Thompson, Brown & Company, 1877 - Algebra - 291 pages

### Contents

 DEFINITIONS AND NOTATION 7 DEFINITIONS AND NOTATION Continued from Section I 14 SECTION V 25 SECTION VI 31 SECTION VII 37 SECTION VIII 43 SECTION X 54 FRACTIONS 63
 SECTION XV 118 EQUATIONS OF THE FIRST DEGREE CONTAINING BUT ONE UNKNOWN QUANTITY 121 POWERS AND ROOTS 125 SECTION XVII 154 SECTION XVIII 170 Second Method of Completing the Square 182 Problems 193 SECTION XXI 207 SECTION XXII 215

 To subtract Fractions 69 73 103 SECTION XIII 112
 SECTION XXIII 225 SECTION XXIV 236 SECTION XXV 253

### Popular passages

Page 78 - Now .} of f- is a compound fraction, whose value is found by multiplying the numerators together for a new numerator, and the denominators for a new denominator.
Page 40 - Divide the first term of the dividend by the first term of the divisor, and write the result as the first term of the quotient. Multiply the whole divisor by the first term of the quotient, and subtract the product from the dividend.
Page 100 - D. The distance from A to D is 34 miles ; the distance from A to B is to the distance from C to D as 2 to 3 ; and £ of the distance from A to B, added to one half the distance from C to D, is three times the distance from .B to C.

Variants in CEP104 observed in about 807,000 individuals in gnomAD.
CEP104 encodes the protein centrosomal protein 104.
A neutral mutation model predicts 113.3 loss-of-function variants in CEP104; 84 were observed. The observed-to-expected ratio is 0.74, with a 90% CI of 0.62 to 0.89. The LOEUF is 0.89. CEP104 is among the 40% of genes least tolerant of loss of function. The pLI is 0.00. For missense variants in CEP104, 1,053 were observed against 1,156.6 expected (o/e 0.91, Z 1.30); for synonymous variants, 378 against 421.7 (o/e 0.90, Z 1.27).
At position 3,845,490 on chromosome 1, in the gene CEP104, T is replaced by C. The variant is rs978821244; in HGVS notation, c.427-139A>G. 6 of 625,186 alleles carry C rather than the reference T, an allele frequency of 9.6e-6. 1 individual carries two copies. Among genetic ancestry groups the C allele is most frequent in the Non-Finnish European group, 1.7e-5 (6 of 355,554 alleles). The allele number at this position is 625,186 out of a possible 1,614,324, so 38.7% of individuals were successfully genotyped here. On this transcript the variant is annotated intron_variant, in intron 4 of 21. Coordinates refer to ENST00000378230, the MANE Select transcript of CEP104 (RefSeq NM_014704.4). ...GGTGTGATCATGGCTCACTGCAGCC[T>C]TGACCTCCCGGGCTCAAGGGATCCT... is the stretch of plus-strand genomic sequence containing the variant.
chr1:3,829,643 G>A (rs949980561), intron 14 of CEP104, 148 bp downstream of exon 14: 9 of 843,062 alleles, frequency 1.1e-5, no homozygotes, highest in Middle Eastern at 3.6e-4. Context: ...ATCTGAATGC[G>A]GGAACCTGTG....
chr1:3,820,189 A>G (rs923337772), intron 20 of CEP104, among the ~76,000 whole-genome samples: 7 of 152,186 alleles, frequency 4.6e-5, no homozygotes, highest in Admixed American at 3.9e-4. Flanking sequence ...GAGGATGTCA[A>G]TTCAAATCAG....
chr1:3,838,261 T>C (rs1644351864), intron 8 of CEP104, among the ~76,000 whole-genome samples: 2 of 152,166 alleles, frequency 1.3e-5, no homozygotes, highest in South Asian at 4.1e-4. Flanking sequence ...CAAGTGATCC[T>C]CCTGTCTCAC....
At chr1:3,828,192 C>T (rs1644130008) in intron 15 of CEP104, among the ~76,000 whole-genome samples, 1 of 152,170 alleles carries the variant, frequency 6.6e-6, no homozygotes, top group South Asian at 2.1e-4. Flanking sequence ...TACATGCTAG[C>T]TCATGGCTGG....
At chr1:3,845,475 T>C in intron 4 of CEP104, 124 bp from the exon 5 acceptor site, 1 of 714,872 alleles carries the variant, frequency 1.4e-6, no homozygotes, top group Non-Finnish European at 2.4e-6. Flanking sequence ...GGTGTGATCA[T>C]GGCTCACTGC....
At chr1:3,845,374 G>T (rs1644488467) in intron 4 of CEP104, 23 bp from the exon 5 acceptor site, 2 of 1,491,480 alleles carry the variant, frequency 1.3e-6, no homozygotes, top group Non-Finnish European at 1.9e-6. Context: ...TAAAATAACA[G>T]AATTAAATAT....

Page 44 - ... the square of the second. In the second case, we have (a — &)2 = a2 — 2 ab + b2. (2) That is, the square of the difference of two quantities is equal to the square of the first, minus twice the product of the two, plus the square of the second.
Page 43 - I. The square of the sum of two quantities is equal to the square of the first, plus twice the product of the first by the second, plus the square of the second.
Page 87 - PROPORTION when the ratio of the first to the second is equal to the ratio of the second to the third.
Page 83 - TRANSPOSITION is the changing of terms from one member of an equation to the other, without destroying the equality. The object of transposition is to bring all the unknown terms into one member and all the known into the other, BO that the unknown may become known.
Page 212 - Hence -,- = -76" dn that is a" : b" = c" : dn THEOREM IX. 23 1 If any number of quantities are proportional, any antecedent is to its consequent as the sum of all the antecedents is to the sum of all the consequents. Let a : b = c : d...
Page 209 - Conversely, if the product of two quantities is equal to the product of two other quantities, the first two may be made the extremes, and the other two the means of a proportion.
Page 251 - B had during the whole time; and at the same rate as before B would reach Springfield in 5f days. How far from Boston did they meet? Ans. 42 miles. 163. The product of two numbers is 90 ; and the difference of their cubes is to the cube of their difference as 13 : 3. What are the numbers ? 164. A and B start together from the same place and travel in the same direction. A travels the first day 25 kilometers, the second 22, and so on, travelling each day 3 kilometers less than on the preceding day,...